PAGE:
Older athletes may never beat 20-year-olds in a 100-meter sprint, but a new, small study suggests that, in at least one way, they are just as efficient runners.
The study, published in the Journal of Strength and Conditioning Research, examined a measure called running economy, which gauges how efficiently the body uses oxygen at a certain pace. Across the three age groupings of the study's 51 participants (18 to 39, 49 to 59, 60 and older), running economy was about the same.
Still, competing at the same pace as a younger runner will feel harder. "For the runners over age 60, it's physiologically more difficult to run at that speed, even though the absolute oxygen uptake value is the same as a younger runner," lead author Timothy Quinn, an associate professor of exercise science at the University of New Hampshire, said in a press release.
This difficulty may be explained by a series of additional tests conducted by Quinn and his co-authors. Older runners scored lower on measures of upper-body strength (crucial in powering runners up hills), muscle power (instrumental in changing speed or direction) and flexibility, according to Time.com. They also had a lower VO2 max, reports latimes.com, a measure of maximum oxygen consumption or aerobic capacity.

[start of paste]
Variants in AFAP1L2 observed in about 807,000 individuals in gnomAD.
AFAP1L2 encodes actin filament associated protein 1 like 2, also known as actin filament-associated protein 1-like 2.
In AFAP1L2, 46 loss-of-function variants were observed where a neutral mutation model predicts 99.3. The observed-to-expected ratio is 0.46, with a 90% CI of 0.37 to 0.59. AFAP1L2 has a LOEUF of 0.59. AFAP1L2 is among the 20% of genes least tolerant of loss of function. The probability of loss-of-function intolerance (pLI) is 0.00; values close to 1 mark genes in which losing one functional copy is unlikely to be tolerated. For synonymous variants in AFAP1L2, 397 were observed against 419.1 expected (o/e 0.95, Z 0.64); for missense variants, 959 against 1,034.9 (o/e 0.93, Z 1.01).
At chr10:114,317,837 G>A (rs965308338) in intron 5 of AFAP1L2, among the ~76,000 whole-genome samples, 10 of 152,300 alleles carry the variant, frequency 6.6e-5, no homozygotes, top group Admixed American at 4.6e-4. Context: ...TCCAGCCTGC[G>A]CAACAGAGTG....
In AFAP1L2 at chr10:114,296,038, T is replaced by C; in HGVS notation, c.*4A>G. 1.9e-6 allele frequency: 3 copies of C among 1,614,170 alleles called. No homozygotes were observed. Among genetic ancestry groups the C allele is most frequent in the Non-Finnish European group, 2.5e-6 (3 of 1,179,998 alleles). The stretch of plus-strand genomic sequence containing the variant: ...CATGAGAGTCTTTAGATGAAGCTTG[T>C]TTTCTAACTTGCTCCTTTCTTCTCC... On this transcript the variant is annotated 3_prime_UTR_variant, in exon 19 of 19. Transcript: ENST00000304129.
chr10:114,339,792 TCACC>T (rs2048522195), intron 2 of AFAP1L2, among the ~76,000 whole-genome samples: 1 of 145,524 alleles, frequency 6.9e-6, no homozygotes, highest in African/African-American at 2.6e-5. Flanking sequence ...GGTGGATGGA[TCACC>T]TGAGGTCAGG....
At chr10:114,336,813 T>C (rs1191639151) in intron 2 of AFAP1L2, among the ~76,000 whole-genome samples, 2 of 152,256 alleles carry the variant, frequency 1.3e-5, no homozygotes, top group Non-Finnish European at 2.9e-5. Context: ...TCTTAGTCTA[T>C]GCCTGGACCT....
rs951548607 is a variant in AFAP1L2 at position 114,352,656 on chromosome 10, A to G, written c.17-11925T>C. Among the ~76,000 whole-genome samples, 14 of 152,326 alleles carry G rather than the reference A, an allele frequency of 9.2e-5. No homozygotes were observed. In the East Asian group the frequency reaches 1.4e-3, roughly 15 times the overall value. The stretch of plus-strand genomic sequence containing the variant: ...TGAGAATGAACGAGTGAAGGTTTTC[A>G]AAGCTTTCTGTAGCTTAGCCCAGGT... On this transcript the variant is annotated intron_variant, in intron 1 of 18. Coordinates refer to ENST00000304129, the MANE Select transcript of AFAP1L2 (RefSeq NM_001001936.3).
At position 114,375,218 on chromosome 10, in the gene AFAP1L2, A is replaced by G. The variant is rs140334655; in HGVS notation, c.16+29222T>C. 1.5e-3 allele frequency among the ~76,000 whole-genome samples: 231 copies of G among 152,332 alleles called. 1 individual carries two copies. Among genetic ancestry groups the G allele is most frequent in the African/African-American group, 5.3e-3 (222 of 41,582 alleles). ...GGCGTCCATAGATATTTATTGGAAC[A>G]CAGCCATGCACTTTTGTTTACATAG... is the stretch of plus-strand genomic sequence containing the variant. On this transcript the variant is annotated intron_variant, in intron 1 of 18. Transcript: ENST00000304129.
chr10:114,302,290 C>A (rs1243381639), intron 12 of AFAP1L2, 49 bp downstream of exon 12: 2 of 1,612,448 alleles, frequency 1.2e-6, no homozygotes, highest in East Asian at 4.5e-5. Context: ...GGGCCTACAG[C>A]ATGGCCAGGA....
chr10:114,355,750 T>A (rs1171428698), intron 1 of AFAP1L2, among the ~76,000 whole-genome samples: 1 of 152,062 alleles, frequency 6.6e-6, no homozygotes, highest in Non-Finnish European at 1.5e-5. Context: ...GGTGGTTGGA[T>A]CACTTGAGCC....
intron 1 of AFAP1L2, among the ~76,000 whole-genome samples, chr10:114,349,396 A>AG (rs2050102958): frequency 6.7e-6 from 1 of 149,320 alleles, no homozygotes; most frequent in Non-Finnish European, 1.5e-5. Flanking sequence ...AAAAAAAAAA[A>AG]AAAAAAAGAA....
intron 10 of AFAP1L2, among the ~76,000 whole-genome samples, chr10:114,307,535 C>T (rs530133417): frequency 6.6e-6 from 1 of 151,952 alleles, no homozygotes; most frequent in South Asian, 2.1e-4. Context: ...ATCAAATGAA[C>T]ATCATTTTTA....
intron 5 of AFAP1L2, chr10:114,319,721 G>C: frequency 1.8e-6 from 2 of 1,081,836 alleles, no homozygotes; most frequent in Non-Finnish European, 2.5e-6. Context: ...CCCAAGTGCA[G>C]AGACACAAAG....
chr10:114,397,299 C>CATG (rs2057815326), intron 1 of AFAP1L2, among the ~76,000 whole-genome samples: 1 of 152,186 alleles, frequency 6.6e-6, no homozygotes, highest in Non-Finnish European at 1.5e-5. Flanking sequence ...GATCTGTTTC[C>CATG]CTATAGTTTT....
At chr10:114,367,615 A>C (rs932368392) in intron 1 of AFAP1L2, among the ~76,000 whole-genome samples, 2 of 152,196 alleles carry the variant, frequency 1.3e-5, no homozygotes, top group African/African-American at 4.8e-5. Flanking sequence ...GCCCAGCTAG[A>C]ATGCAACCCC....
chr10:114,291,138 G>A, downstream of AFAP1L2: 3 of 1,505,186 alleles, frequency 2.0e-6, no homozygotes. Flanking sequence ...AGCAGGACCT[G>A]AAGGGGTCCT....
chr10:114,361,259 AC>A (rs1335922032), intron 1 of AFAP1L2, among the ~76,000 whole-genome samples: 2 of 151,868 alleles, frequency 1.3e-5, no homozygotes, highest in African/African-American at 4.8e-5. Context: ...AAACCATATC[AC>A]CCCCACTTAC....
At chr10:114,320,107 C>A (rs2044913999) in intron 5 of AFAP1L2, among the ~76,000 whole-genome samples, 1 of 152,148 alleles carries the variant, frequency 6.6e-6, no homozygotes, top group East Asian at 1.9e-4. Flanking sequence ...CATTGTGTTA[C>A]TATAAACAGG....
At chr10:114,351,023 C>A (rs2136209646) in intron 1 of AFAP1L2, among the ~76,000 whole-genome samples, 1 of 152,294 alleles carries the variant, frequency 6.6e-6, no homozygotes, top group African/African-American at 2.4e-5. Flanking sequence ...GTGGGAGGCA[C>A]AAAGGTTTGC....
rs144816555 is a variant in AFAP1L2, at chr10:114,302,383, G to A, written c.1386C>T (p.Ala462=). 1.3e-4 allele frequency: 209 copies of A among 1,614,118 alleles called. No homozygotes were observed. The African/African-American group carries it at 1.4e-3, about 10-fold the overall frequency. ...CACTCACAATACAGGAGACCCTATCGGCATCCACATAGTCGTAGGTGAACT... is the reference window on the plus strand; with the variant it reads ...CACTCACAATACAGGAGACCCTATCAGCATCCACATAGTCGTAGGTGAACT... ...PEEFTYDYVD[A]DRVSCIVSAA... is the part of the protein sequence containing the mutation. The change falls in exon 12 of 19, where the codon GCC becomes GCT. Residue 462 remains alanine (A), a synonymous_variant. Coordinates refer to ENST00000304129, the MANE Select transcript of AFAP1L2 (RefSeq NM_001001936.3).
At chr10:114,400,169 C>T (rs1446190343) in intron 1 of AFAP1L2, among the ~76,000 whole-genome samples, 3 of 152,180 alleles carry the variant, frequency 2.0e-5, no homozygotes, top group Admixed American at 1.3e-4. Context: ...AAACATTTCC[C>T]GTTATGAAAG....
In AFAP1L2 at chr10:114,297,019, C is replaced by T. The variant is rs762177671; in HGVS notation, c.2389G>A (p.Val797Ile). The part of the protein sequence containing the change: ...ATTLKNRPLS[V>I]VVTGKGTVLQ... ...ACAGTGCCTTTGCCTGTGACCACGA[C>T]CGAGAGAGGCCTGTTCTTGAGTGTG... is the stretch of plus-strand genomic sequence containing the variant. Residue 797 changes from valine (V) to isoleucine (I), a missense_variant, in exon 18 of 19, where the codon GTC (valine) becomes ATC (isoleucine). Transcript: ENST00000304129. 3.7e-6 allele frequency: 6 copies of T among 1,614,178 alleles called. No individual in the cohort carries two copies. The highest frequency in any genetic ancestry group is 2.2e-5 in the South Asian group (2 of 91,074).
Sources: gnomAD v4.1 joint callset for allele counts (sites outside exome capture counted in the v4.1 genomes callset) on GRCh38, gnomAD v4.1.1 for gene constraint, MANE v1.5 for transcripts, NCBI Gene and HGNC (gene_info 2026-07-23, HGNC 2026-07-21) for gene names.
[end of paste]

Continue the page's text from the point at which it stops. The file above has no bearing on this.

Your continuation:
Speed is often chalked up to a runner's high VO2 max, reports Runner's World, but the best runners in any given race often don't have the highest aerobic capacities -- they have a high running economy, which bodes well for the over-60 crowd's continued expansion into the world of running.
By no means should older runners, the fastest growing age group in the sport, stop toeing starting lines. In fact, in October, a runner set a new Guiness World Record when he become the oldest person to complete a marathon. The runner, Fauja Singh, was 100.
Instead, older runners can take measures to boost the areas where they fall behind younger runners. "Strength declines with age, but you can minimize that if you do strength training. It doesn't take a lot to maintain strength," said Quinn. "We need to set up programs that enhance strength, especially upper-body strength, and power. They'll be better runners for it."
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